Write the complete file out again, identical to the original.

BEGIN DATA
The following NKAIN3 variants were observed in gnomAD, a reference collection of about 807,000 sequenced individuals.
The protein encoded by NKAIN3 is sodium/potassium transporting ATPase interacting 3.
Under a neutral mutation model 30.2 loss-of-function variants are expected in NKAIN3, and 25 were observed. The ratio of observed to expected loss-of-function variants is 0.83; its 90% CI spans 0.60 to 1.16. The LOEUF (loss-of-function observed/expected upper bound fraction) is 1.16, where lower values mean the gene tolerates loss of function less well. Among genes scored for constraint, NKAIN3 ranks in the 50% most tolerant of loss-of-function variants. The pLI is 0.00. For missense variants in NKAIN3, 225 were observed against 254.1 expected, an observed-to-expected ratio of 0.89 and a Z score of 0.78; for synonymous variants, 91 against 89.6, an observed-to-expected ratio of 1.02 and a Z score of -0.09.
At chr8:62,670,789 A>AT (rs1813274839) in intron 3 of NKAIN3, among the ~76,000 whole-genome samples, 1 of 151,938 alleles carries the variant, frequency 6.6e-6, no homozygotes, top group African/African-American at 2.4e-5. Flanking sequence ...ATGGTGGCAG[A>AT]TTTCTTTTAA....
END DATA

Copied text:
The following NKAIN3 variants were observed in gnomAD, a reference collection of about 807,000 sequenced individuals.
The protein encoded by NKAIN3 is sodium/potassium transporting ATPase interacting 3.
Under a neutral mutation model 30.2 loss-of-function variants are expected in NKAIN3, and 25 were observed. The ratio of observed to expected loss-of-function variants is 0.83; its 90% CI spans 0.60 to 1.16. The LOEUF (loss-of-function observed/expected upper bound fraction) is 1.16, where lower values mean the gene tolerates loss of function less well. Among genes scored for constraint, NKAIN3 ranks in the 50% most tolerant of loss-of-function variants. The pLI is 0.00. For missense variants in NKAIN3, 225 were observed against 254.1 expected, an observed-to-expected ratio of 0.89 and a Z score of 0.78; for synonymous variants, 91 against 89.6, an observed-to-expected ratio of 1.02 and a Z score of -0.09.
At chr8:62,670,789 A>AT (rs1813274839) in intron 3 of NKAIN3, among the ~76,000 whole-genome samples, 1 of 151,938 alleles carries the variant, frequency 6.6e-6, no homozygotes, top group African/African-American at 2.4e-5. Flanking sequence ...ATGGTGGCAG[A>AT]TTTCTTTTAA....